Greg isn’t the only guru in Sandrine’s life, however: the scenes detailing her eager immersion into a world of urbane depravities—faintly Gothic living-room slap-and-tickle followed by civilized dinner conversation—are punctuated by her park-bench encounters with an older man (Etienne Chicot) whose eager discourse on the grand mysteries of the universe reduces her to little more than an appreciative sounding board. Tellingly, Sandrine is eventually taken further—literally and figuratively—by the words of this gentle, unassuming stranger than by her psychoanalyst boyfriend. When Greg tells a tranced Sandrine that she’ll bring herself closer to ecstasy, her response is no doubt impressive—hey, Brisseau sure likes filming female masturbation!—but it’s also ultimately earthbound. The flesh is supple, and the spirit is willing, but all she gets out of the experience is a little old orgasm—hardly spectacular compared to Mina’s Linda Blair experience.
It’s implied that Sandrine is jealous, and not just because Greg rejects her under-the-influence advances and hooks up instead with the indefatigable Mina. Sandrine’s desire to move beyond her staid existence into a realm of pure sensual fulfillment has bumped up against the relative conventionality of her desires. It is either a sly joke on eternal recurrence or evidence of Brisseau’s essentially retrograde sexual politics (or both) that Mina’s response to her moment of transcendence is to get herself to a nunnery.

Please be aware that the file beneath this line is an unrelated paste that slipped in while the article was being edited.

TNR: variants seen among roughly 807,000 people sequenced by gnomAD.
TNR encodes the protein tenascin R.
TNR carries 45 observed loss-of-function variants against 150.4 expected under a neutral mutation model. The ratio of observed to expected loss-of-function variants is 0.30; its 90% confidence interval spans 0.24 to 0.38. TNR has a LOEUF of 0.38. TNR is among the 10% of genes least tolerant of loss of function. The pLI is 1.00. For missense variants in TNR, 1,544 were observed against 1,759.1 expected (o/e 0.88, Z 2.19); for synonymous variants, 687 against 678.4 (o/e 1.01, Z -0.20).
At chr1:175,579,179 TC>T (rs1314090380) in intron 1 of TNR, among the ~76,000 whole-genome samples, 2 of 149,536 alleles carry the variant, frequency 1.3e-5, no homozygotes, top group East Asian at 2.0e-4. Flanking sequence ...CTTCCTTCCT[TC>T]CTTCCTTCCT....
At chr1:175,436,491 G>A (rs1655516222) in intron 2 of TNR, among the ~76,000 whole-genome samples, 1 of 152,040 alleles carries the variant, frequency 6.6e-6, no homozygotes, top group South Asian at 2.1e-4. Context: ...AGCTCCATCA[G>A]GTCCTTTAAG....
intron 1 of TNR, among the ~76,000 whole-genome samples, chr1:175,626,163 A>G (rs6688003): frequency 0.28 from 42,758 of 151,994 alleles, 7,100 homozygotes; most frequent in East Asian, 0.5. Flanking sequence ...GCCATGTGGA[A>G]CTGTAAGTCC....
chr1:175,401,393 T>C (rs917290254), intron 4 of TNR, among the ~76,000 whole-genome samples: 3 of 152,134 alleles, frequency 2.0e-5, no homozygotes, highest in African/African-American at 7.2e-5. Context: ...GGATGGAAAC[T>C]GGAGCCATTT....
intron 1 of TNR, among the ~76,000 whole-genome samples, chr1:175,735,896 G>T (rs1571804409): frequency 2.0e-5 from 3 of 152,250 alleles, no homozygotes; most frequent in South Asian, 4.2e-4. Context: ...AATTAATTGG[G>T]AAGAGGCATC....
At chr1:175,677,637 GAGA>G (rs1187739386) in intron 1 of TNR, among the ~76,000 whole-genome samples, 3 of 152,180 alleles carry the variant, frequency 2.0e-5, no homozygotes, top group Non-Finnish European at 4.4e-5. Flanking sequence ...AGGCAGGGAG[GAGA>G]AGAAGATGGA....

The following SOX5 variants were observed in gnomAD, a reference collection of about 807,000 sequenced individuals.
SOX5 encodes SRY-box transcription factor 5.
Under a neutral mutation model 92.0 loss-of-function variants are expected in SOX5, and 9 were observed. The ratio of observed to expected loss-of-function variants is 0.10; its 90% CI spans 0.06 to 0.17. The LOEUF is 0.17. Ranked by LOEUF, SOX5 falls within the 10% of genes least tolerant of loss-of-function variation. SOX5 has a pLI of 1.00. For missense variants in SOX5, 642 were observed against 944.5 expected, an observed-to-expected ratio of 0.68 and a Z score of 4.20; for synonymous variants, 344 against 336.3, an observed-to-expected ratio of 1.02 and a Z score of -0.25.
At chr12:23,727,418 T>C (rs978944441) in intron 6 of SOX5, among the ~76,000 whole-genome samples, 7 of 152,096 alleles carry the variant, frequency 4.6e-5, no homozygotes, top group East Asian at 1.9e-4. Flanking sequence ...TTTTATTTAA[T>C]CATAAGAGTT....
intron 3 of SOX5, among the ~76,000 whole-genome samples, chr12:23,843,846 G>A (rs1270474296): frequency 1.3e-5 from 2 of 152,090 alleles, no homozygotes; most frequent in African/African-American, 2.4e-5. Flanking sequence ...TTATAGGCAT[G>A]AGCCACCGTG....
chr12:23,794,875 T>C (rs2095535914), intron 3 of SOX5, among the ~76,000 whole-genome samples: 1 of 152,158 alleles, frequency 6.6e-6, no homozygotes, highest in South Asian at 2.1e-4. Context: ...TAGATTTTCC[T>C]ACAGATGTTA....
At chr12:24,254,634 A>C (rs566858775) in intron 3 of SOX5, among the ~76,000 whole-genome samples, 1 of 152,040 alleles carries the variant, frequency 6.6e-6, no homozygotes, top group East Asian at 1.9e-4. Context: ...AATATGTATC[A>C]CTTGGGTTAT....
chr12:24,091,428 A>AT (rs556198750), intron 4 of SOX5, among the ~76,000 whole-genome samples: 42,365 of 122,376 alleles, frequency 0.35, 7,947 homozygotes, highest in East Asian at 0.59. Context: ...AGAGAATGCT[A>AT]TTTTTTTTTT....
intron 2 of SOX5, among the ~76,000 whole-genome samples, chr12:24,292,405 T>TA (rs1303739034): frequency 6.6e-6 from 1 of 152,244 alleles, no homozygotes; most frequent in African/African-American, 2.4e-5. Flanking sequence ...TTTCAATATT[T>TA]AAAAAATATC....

Sandrine, meanwhile, gets taken to the country by the park-bench philosophizer—a journey represented in a gorgeous, accelerated tracking shot that disrupts the film’s static formal construction (Brisseau’s sensuality doesn’t often extend to his actual shot-reverse-shot aesthetics), its headlong rush matched to Chiccot’s galumphing existential voice-over. Nothing untoward occurs upon their arrival—the film ends with Sandrine meekly placing her head on his shoulder, like a child—and yet the implication that her adventure has reached its end is, like many of the film’s other suggestions, double (or maybe triple) edged. Is Brisseau saying that all a woman looking for herself really needs is a worldly older gentleman to guide her? (And is this an optimistic self-projection?) Is he enshrining his would-be libertine’s essential timidity, placing her at the low end of a creepy/tender sage/pupil dynamic? Or is he just looking for a way to end a high-toned exploitation film that blew its wad several solemn orgies ago?
This last question is the most nagging one: I’ve seen three Brisseau films now and I’m still not convinced that his work reveals much more than a desire to provoke melded to a kinda-brave, kinda-foolish willingness to expose and exalt his own fetishes. That said, there are many filmmakers who give us less, both in terms of onscreen enjoyment—because, rather than in spite of its stilted performances and solemn tone, À l’aventure is campy fun—and also in terms of self-expression. Brisseau is not a vanguard artist, but on the basis of his latest unfiltered folly, he may have less to hide than any other director currently trawling the festival circuit.